Informality, Tax Evasion and the Quality of Business Environment: Evidence from South Caucasian Countries

  • Orkhan Nadirov Orkhan Nadirov, Department of Finance and Accounting, Faculty of Management and Economics, Tomáš Baťa University in Zlín, Mostní 5139, 760 01 Zlín, Czech Republic, e-mail:
  • Khatai Aliyev Department of World Economics, Faculty of Economics and Administration, Qafqaz University, Hasan Aliyev 120, AZ0101 Khirdalan,
Keywords: tax evasion, informality, the quality of business environment, South Caucasian countries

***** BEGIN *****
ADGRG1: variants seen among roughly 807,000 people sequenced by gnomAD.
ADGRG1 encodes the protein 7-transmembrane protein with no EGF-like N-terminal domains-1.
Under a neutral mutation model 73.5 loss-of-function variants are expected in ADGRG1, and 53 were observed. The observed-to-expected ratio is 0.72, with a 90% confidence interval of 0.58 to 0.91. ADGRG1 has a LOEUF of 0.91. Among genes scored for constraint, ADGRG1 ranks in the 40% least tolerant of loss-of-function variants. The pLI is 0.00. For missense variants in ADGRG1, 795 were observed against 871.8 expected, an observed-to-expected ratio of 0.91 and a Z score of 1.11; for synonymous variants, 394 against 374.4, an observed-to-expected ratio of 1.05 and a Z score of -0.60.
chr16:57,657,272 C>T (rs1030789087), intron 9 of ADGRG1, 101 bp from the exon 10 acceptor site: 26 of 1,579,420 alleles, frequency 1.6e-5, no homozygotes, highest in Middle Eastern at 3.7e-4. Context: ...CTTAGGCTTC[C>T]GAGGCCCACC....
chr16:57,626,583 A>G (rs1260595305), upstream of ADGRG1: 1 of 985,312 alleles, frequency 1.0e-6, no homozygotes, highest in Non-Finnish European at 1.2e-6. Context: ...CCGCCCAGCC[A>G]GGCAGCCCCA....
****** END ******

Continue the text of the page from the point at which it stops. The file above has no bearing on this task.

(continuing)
In many transition countries, a considerable part of economic activity takes place in the informal sector. On the other hand, tax evasion constitutes a major problem and causes improvements to all levels of the informal sector in which the volume of the informal sector in transition countries is much higher than in developed countries. Previous works have examined separately both the determinants of the size of the informal sector and  the determinants of tax evasion for transition countries. But, this  paper complements these significant works by examining cross sectional analysis based on firm-level data for South Caucasian countries. In addition, our  paper has a new contribution to previous works by providing some empirical evidence for informality and tax evasion with the quality of business environment. Building on a simple analytical framework, we test the channels affecting the degree of informality in South Caucasian countries and vice versa, the channels affecting the degree of tax evasion. We use instrumental variable OLS and find that the extent of informality is determined by tax evasion,  as well as the extent of tax evasion is determined by the informality for these countries. In addition, we find that the business environment has implications for both informal economy and tax evasion. These results suggest generally ameliorating the business environment in South Caucasian countries, while strengthening an access to land and financial sources, adequate provision of public capital such as telecommunication, transport and electricity infrastructure will reduce informality,  reigning the corruption, tax administration and labor regulation will reduce tax evasion  and ultimately lead to increasing government revenue collections.


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